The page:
Wednesday, August 2, 2023

Q&A with Jonathan Strahan




Jonathan Strahan is the author of the new book The Book of Witches. An editor, anthologist, and podcaster, he has edited more than 100 books. He lives in Perth, Australia.


Q: How did The Book of Witches come about?


A: A couple of years ago I was incredibly lucky and got to work with the team at Voyager on The Book of Dragons, a gorgeous book illustrated by Rovina Cai and featuring fantastic stories from writers all over the world. 


Right after we’d finished that, in the middle of the first COVID lockdowns, my editor asked me what we’d do next. I’d never thought of next, but the moment I started to think about I knew a book of witch stories was what we should do.


Witches are so iconic and so open to interpretation that I was sure we could do a great book, and I really feel like we have.


Q: What would you say are some of the most common perceptions and misconceptions about witches?


A: The main one is that witches are older women who wear pointy black hats and ride broomsticks, or in some way necessarily linked to the dark arts. 


The historical versions of Wicca and witchcraft are rich and complex, and there are variations on witches and witchcraft that are part of almost every culture on the planet. 


Q: How were the stories chosen for the book, and how did you decide on the order in which they would appear?


A: There were two things we did for The Book of Witches. First, I contacted a whole bunch of writers from across the globe, inviting them to send me stories and poems about their version of a witch. We also had an open reading period for BIPOC writers, that lead to three stories being added to the book.


It’s always tempting to say that you’re looking for the best story, but the path to the best book is to read widely and try to find as wide a variety of stories as you can that fit the theme, so that’s what I did.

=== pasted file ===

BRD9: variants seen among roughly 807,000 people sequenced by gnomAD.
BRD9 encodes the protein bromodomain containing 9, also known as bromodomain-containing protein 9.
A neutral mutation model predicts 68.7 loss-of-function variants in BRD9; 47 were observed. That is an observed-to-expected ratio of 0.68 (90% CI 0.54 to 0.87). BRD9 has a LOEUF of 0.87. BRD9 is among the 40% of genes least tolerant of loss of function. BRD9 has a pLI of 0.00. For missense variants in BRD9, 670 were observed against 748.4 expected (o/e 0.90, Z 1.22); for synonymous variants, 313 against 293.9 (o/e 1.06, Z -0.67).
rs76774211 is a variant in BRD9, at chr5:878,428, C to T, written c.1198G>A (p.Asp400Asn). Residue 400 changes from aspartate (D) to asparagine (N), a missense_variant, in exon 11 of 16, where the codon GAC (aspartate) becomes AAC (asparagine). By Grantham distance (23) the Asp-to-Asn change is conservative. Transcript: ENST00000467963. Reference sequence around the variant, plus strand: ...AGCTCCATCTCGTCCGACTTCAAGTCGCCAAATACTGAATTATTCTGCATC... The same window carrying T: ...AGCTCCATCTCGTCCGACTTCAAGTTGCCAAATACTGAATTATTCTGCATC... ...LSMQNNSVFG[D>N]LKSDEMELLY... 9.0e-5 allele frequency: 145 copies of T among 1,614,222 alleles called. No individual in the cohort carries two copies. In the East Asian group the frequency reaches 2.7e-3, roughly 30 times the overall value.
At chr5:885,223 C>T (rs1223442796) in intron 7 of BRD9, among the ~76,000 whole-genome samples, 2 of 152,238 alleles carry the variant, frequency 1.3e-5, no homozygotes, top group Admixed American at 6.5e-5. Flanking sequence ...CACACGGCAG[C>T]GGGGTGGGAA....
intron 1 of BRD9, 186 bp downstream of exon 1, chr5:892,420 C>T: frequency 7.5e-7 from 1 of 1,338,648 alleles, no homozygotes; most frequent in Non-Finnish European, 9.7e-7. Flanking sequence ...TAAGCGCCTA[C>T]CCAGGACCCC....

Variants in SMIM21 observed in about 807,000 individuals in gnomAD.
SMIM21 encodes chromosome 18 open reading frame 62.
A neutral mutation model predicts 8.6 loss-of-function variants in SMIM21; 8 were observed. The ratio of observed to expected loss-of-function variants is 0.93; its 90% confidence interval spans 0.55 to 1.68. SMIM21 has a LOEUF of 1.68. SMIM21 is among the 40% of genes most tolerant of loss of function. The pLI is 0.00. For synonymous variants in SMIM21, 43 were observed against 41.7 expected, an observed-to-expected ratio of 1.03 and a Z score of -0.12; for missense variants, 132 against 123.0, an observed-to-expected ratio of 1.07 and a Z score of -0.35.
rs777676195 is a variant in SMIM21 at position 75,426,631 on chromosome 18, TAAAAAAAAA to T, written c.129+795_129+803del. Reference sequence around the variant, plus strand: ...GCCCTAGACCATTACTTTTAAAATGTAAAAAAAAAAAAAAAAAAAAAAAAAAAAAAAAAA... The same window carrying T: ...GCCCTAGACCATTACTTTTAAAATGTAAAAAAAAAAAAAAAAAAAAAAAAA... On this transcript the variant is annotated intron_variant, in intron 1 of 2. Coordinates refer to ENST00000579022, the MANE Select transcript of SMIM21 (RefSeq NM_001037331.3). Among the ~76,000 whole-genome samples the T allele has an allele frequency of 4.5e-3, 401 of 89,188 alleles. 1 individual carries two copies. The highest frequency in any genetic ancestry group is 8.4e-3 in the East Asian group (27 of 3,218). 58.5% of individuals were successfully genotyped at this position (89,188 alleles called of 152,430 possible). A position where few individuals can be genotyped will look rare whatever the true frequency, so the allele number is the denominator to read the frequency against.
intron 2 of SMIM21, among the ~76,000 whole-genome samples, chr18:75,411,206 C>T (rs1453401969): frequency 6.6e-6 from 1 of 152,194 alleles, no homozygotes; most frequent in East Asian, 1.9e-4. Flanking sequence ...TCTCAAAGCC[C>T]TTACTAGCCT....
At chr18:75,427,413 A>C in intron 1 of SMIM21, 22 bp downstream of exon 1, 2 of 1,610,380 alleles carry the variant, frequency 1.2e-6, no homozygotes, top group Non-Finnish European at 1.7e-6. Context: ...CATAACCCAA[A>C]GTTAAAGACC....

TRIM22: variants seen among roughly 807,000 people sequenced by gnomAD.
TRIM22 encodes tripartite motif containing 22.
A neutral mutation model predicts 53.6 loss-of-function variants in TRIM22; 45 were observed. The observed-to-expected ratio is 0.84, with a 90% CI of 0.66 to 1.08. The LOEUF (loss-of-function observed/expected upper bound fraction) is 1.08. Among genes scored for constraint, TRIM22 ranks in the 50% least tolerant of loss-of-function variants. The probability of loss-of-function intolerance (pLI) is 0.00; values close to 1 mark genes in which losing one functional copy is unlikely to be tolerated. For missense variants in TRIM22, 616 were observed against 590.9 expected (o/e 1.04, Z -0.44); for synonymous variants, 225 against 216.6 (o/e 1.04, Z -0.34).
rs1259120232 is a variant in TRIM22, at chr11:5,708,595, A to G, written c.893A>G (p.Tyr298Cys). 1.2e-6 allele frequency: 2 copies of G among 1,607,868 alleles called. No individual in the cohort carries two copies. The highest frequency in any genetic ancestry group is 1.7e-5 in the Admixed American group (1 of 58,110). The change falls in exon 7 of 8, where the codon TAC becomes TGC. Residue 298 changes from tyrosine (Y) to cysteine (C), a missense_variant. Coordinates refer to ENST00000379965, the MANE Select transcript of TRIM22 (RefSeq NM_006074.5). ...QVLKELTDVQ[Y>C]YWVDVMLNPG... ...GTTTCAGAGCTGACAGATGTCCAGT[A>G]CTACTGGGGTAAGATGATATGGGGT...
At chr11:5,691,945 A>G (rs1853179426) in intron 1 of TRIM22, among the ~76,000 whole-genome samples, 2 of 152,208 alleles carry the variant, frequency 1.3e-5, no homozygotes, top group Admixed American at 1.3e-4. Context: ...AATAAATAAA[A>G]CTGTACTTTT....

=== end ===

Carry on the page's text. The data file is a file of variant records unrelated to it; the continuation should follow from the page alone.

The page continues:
As to ordering the stories – I always feel like sequencing a book like this is an invitation, a seduction. You want a story at the front that immediately engages, draws the reader in, exciting and propulsive ones towards the middle, and a story with a punch to end.


I think that’s what I’ve done here, but I’ll leave it to readers to decide  how well.


Q: What do you hope readers take away from the collection?


A: That the world is a rich and varied place, that your preconceptions about what might fit into a book called The Book of Witches might not encompass everything it could be, and that if you read widely you get richer reading experiences. Oh, and that witches are cool.


Q: What are you working on now?


A: Well, I’ve just finished Communications Breakdown, a science fiction anthology about how the future is not evenly distributed across our world, and am working on book of space opera stories. I’m also thinking about the followup to The Book of Witches.


--Interview with Deborah Kalb

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